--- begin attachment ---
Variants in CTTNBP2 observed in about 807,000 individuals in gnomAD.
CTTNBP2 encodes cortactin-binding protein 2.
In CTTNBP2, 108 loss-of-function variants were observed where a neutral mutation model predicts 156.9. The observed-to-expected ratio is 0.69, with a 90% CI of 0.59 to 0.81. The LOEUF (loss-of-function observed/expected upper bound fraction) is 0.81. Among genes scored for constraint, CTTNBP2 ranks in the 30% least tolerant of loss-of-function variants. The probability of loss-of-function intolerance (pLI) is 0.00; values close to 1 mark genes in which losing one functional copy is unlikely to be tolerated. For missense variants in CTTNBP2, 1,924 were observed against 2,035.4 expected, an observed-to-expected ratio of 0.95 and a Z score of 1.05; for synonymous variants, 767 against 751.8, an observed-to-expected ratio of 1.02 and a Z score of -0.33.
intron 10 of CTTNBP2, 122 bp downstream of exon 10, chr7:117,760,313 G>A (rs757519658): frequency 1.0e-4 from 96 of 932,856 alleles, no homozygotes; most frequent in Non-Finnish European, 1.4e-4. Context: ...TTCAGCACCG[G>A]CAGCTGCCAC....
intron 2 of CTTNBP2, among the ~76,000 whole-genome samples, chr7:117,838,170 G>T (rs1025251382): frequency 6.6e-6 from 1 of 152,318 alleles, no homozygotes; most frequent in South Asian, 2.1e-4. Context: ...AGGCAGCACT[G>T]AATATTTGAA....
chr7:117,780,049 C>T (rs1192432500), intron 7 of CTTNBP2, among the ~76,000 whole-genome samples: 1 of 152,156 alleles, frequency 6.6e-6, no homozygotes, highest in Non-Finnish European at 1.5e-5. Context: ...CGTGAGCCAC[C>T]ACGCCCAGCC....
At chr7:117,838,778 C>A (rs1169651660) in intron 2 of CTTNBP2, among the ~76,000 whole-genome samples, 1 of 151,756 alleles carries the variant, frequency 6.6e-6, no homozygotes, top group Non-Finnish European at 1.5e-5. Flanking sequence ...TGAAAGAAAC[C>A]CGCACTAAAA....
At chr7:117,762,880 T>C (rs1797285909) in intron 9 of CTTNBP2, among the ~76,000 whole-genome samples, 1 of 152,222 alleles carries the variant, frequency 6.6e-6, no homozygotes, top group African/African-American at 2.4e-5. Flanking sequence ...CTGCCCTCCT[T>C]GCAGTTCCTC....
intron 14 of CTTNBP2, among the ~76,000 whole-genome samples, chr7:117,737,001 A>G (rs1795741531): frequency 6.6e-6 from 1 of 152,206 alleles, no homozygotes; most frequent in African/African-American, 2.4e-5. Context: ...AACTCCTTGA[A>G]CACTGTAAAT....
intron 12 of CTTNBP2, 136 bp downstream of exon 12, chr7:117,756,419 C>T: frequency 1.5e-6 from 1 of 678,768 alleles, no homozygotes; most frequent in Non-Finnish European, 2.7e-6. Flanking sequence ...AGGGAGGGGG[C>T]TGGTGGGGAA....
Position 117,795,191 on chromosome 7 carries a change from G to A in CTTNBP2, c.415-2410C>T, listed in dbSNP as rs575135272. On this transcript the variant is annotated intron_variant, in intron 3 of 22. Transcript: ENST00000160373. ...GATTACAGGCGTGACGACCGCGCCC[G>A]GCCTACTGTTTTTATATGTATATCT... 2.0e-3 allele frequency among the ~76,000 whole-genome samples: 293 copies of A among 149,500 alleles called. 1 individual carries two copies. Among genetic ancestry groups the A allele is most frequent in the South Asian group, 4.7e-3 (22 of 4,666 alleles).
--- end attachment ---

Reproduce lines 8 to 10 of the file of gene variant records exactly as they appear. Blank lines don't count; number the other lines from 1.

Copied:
At chr7:117,762,880 T>C (rs1797285909) in intron 9 of CTTNBP2, among the ~76,000 whole-genome samples, 1 of 152,222 alleles carries the variant, frequency 6.6e-6, no homozygotes, top group African/African-American at 2.4e-5. Flanking sequence ...CTGCCCTCCT[T>C]GCAGTTCCTC....
intron 14 of CTTNBP2, among the ~76,000 whole-genome samples, chr7:117,737,001 A>G (rs1795741531): frequency 6.6e-6 from 1 of 152,206 alleles, no homozygotes; most frequent in African/African-American, 2.4e-5. Context: ...AACTCCTTGA[A>G]CACTGTAAAT....
intron 12 of CTTNBP2, 136 bp downstream of exon 12, chr7:117,756,419 C>T: frequency 1.5e-6 from 1 of 678,768 alleles, no homozygotes; most frequent in Non-Finnish European, 2.7e-6. Flanking sequence ...AGGGAGGGGG[C>T]TGGTGGGGAA....